Following the agency's well-publicized pilot of an ethereum-based system for cash transfers in Jordanian refugee camps – a project known as Building Blocks – it now plans to test blockchain for the tracking of food delivery in East Africa, Robert Opp, the WFP's director of innovation and change, told CoinDesk.
Specifically, the new project will monitor the movement of food from Djibouti's port, where the WFP receives shipments, to Ethiopia, where much of its food operations are located.
Opp said the pilot will seek to answer the question:
"Can we increase efficiency by knowing in real time where the food is, be able to demonstrate the food's origin in shipment points, to have this traceability record?"
Separately, the WFP also plans an initiative to educate Syrian refugee women in Jordan about managing their personal data and controlling third-party access to it on a blockchain system.
"We want to know how easy it is for people to interact with a system like blockchain and understand, 'this is my data, I can control access,'" he said. "We yet have to figure out how it will look."
This educational project will leverage the identity system the organization has built as part of Building Blocks, which was launched last year and now serves more than 100,000 refugees. In that program, people scan their irises to prove their identities, pay for groceries and receive cash back at supermarkets, and the transactions are recorded on a private version of ethereum.
Opp didn't give a timetable for the educational initiative or the Africa project.
Talking on a panel of the Blockchain Central event during the Concordia Summit in New York on Tuesday, Opp also discussed some of the achievements of the Building Blocks project by the WFP in Jordanian refugee camps.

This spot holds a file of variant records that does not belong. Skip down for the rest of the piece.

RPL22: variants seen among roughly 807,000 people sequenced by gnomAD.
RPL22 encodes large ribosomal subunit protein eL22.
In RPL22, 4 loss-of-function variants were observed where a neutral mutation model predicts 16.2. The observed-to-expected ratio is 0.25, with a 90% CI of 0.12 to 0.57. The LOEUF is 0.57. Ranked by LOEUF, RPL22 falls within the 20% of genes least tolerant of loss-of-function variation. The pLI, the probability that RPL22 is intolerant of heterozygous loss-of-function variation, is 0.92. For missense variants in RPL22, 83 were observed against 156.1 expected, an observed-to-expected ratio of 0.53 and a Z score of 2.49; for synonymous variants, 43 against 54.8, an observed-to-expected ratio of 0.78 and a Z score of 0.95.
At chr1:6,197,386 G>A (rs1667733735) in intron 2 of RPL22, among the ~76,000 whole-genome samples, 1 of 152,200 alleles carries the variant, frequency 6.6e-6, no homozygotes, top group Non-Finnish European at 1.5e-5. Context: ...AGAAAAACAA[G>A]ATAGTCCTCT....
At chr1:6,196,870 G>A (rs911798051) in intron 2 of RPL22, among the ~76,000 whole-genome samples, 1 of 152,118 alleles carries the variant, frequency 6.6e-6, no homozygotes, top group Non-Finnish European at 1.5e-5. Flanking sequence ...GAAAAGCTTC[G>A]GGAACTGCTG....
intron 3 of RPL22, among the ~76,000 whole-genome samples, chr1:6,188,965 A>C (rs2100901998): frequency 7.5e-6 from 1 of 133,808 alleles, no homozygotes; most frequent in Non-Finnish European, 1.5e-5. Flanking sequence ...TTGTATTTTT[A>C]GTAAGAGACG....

"We are reaching 106,000 Syrian refugees in Jordan every month with cash benefits transfers. By implementing blockchain system we have been able to save around $40,000 a month in the transfer fees," Opp said on the panel.
Talking to CoinDesk about the program, he said, currently, the WFP's network includes four nodes and stores partial personal data about the registered refugees.
"The U.N. High Commissioner for Refugees keeps the full biometric data in a secure cloud solution. We only download some basic unique identifying information, we don't put their full information on blockchain. I'm not even sure that their full names go there," Opp explained.
The project is running on a private version of the Parity ethereum client with a proof-of-authority (PoA) consensus algorithm, although Opp didn't rule out the possibility of switching to a public network in the future, if transaction speed issues get resolved.
Still, the WFP's current system, according to him, has sufficient speed and could successfully deal with a 10-fold increase in volume.
WFP delivery image via U.S. Department of Defense
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